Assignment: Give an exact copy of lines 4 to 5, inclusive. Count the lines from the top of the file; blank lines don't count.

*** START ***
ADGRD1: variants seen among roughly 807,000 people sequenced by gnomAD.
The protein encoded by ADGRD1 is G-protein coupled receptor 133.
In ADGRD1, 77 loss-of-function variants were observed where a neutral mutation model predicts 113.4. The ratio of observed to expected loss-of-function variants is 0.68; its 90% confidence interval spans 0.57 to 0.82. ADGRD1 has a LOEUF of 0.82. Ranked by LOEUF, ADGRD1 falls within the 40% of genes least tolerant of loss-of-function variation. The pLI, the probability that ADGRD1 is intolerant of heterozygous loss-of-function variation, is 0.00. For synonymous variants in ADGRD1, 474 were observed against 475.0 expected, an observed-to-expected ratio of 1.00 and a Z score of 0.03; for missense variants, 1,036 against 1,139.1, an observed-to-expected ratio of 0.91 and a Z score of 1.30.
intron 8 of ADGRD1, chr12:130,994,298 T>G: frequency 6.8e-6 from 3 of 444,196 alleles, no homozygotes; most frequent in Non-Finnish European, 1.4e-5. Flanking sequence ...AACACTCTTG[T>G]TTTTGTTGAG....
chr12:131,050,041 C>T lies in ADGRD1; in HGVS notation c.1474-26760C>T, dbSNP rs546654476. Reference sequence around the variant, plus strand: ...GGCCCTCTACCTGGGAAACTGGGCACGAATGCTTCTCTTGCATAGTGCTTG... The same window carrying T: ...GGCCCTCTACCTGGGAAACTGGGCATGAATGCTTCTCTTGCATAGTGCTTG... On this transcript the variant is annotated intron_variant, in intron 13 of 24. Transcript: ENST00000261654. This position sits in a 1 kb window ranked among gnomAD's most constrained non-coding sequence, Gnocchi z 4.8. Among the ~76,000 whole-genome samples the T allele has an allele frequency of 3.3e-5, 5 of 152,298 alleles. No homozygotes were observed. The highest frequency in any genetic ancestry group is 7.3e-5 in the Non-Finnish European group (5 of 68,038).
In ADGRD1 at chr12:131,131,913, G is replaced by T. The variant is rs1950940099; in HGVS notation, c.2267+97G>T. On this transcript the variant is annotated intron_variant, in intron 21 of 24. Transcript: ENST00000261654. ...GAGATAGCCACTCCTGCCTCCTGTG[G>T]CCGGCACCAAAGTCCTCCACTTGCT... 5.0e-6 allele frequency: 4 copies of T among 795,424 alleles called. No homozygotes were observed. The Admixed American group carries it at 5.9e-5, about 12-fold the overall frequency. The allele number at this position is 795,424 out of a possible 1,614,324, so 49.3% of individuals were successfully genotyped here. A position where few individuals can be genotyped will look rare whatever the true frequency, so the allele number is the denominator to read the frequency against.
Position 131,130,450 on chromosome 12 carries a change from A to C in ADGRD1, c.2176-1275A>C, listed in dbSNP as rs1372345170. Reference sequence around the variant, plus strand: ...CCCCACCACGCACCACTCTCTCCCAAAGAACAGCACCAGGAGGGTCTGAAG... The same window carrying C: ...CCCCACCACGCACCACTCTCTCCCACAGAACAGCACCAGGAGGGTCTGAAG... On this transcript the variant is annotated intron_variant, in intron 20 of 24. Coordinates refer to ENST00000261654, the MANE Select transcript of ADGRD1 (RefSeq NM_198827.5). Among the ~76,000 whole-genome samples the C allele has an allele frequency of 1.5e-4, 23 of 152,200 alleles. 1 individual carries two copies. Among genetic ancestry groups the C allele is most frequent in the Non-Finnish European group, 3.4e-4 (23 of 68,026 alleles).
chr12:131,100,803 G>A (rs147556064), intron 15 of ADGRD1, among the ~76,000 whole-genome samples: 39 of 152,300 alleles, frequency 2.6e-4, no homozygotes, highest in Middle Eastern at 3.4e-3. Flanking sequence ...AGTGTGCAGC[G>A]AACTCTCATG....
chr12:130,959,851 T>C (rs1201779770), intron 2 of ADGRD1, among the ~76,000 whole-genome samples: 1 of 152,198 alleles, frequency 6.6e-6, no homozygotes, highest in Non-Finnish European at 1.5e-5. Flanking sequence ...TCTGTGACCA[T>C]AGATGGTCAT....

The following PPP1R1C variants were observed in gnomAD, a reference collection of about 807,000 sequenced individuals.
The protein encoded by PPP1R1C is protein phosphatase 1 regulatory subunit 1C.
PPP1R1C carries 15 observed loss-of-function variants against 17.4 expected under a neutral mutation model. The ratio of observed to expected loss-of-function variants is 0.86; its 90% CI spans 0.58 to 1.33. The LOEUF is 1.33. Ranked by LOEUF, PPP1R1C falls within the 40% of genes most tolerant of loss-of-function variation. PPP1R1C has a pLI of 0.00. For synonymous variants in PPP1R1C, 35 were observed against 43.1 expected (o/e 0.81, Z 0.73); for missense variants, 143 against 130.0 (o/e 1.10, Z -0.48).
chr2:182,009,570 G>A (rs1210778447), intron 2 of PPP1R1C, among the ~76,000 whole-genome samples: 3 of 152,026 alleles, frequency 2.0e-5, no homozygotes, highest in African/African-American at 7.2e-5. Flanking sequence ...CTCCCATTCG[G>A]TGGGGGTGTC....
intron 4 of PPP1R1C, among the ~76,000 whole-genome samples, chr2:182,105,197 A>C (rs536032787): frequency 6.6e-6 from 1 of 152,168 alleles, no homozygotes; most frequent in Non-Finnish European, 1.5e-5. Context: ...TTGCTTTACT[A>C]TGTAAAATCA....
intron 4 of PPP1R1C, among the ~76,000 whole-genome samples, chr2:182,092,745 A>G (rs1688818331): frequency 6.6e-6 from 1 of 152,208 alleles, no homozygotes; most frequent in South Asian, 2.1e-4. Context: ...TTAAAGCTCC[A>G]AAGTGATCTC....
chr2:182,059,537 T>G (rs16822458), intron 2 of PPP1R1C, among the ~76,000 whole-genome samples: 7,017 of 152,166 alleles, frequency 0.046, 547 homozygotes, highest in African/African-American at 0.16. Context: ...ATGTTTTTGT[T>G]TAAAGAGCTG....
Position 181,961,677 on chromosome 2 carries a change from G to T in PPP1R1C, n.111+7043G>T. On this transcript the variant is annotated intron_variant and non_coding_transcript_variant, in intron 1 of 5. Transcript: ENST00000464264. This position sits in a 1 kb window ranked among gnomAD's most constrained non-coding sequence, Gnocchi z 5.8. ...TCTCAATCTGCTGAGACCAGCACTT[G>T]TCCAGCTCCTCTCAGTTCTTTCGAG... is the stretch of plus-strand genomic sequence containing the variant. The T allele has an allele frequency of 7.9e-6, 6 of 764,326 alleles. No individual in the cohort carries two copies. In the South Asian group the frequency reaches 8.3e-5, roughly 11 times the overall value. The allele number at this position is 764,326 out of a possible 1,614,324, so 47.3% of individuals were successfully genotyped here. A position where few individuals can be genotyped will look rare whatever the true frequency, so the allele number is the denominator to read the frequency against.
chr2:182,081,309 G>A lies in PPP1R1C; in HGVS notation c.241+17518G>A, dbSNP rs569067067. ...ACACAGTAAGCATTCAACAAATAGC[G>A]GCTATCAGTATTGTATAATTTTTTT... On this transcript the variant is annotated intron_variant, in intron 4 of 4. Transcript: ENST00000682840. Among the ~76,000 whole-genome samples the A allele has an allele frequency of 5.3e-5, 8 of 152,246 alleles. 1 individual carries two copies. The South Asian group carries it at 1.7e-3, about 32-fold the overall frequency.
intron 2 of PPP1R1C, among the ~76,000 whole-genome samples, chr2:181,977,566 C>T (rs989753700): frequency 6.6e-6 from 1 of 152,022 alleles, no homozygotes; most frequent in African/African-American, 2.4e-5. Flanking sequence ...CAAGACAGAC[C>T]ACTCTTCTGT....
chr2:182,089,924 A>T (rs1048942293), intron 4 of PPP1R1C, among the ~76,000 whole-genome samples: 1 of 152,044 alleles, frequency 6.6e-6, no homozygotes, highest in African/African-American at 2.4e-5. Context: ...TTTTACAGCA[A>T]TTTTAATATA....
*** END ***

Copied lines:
intron 8 of ADGRD1, chr12:130,994,298 T>G: frequency 6.8e-6 from 3 of 444,196 alleles, no homozygotes; most frequent in Non-Finnish European, 1.4e-5. Flanking sequence ...AACACTCTTG[T>G]TTTTGTTGAG....
chr12:131,050,041 C>T lies in ADGRD1; in HGVS notation c.1474-26760C>T, dbSNP rs546654476. Reference sequence around the variant, plus strand: ...GGCCCTCTACCTGGGAAACTGGGCACGAATGCTTCTCTTGCATAGTGCTTG... The same window carrying T: ...GGCCCTCTACCTGGGAAACTGGGCATGAATGCTTCTCTTGCATAGTGCTTG... On this transcript the variant is annotated intron_variant, in intron 13 of 24. Transcript: ENST00000261654. This position sits in a 1 kb window ranked among gnomAD's most constrained non-coding sequence, Gnocchi z 4.8. Among the ~76,000 whole-genome samples the T allele has an allele frequency of 3.3e-5, 5 of 152,298 alleles. No homozygotes were observed. The highest frequency in any genetic ancestry group is 7.3e-5 in the Non-Finnish European group (5 of 68,038).